Jeannette Rankin (June 11, 1880 - May 18, 1973), first woman in Congress, suffragist and social worker, and the only member of Congress to vote against World War I (1917) and World War II (1941).
Rankin was born on a ranch near Missoula, Montana Territory, the first of seven children born to John Rankin, a rancher and merchant born in Canada, and Olive Pickering, a Yankee who was the first local schoolteacher. Her parents were well-to-do and prominent in Montana affairs. She never married.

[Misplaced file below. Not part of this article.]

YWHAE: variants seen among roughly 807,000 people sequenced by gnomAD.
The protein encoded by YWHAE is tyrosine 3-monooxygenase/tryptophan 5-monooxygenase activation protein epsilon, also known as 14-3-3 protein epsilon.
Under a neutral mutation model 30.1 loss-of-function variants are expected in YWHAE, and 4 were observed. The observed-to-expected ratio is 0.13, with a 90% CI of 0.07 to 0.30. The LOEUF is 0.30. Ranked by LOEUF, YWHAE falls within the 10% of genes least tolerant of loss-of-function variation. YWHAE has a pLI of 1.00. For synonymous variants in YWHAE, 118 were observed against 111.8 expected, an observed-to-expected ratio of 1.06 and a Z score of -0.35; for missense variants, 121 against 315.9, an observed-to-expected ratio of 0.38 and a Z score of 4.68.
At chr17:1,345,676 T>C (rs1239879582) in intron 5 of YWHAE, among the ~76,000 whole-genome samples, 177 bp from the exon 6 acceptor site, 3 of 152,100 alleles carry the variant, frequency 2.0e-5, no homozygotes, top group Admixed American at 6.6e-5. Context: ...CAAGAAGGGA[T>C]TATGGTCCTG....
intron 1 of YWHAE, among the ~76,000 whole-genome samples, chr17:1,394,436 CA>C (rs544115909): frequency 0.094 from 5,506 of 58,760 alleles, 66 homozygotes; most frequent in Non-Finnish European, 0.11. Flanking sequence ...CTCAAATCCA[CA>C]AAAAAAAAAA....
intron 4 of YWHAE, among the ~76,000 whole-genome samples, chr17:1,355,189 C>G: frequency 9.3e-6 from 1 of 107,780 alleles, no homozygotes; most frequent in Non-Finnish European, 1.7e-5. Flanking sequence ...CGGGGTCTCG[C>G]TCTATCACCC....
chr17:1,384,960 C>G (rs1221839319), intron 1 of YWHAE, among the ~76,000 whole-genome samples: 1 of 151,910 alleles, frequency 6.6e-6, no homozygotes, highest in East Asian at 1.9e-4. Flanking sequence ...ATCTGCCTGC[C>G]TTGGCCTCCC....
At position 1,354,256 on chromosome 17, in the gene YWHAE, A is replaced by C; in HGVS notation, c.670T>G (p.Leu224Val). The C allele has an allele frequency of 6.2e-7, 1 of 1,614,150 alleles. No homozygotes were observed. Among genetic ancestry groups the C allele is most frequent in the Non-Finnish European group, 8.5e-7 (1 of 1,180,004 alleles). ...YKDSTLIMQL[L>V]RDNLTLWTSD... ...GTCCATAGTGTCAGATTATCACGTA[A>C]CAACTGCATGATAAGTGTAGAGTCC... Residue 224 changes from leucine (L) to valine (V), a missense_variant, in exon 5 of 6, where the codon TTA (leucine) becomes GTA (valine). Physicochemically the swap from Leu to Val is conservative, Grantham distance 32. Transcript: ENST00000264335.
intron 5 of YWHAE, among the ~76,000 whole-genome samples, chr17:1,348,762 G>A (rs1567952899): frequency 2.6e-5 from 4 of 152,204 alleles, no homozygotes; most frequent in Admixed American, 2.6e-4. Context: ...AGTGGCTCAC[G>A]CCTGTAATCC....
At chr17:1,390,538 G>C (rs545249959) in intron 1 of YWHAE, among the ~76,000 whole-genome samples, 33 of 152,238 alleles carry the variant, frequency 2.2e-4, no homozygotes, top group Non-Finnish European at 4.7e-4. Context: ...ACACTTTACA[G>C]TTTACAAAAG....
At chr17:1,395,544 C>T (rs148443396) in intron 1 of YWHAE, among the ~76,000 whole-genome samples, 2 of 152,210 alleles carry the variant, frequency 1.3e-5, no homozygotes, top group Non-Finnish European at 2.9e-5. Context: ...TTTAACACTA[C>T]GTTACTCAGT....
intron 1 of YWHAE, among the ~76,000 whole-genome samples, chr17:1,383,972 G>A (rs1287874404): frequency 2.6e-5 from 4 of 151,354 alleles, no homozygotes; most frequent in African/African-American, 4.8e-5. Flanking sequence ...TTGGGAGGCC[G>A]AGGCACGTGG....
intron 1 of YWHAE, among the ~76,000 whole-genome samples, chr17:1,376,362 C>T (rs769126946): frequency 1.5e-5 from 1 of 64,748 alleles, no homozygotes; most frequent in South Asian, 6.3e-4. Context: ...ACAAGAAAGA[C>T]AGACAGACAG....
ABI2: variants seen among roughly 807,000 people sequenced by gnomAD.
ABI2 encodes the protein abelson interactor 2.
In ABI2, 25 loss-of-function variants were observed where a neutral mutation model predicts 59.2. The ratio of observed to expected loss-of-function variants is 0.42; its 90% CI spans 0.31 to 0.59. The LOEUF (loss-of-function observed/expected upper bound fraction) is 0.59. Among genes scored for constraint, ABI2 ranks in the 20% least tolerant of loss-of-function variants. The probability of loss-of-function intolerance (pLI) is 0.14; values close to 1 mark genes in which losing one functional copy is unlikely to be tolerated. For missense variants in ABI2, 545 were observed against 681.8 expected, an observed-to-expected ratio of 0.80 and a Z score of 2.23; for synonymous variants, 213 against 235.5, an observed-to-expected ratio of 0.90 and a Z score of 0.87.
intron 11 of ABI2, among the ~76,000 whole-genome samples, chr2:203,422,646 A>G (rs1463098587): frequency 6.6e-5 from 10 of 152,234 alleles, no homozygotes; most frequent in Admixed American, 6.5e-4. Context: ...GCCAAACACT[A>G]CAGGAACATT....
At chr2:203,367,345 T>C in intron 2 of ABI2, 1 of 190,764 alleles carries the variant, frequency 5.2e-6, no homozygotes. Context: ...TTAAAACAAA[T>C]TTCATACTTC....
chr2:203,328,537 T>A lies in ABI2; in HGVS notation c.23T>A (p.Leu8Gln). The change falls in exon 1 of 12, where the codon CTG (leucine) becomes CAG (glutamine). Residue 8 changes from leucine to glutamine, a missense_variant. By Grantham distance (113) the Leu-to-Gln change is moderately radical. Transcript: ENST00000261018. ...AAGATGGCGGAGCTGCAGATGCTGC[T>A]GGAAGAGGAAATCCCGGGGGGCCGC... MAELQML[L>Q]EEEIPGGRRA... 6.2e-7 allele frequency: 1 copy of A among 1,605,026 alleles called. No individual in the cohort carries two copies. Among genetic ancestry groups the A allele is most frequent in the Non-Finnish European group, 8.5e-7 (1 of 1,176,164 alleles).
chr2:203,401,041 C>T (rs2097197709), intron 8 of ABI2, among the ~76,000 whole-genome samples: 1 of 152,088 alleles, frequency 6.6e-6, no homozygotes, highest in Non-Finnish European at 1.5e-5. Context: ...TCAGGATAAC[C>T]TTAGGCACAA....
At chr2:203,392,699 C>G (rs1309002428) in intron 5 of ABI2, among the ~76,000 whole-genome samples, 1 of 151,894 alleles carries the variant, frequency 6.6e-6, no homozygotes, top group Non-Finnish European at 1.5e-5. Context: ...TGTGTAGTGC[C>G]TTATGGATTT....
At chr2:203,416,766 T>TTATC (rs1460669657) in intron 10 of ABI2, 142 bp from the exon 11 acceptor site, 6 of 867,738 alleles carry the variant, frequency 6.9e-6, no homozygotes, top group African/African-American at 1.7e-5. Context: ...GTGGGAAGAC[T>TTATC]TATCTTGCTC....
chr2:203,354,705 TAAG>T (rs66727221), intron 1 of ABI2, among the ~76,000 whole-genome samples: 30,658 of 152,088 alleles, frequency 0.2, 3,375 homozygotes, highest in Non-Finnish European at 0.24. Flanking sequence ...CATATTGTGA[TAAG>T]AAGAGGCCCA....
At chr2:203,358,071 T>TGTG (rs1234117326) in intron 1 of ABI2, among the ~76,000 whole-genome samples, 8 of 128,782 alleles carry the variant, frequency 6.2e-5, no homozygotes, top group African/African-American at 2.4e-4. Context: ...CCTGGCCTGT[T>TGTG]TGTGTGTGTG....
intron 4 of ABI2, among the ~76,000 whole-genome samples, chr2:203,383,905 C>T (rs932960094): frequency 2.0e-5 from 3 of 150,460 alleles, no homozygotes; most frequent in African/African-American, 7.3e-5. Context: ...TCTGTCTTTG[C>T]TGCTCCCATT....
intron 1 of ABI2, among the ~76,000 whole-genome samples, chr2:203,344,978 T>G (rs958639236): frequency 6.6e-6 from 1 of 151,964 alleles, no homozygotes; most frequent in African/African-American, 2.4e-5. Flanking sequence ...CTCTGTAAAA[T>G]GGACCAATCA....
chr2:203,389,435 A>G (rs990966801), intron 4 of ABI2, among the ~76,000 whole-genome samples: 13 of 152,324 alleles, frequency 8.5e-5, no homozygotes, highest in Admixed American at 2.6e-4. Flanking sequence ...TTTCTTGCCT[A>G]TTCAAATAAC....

Treated as a son by her father, Rankin attended public schools and graduated from the Montana State University in Missoula in 1902 with a B.S. in biology. On a visit to her brother in Boston in 1904 she was horrified at slum conditions and decided to enter social work. She attended the New York School of Philanthropy (later Columbia University's School of Social Welfare) in 1908-1909, then worked in Spokane, Washington. She studied social legislation at the University of Washington, where she became involved in the woman suffrage movement, Echoing Jane Addams, Rankin argued that slum conditions were worsened by women's inability to vote. In 1910 she returned to Montana to work for the Montana Equal Franchise Society. Declaring that she was suspicious of governmental priorities set without female involvement, she argued that voteless women were being taxed without representation. Rankin was hired as an organizer by the New York Women's Suffrage Party and the National American Woman Suffrage Association (NAWSA). As a field secretary for NAWSA in 1913, Rankin directed a suffrage victory in North Dakota that year. She quit NAWSA in 1914 to return to Montana to help secure passage of woman suffrage there, which was achieved in 1914.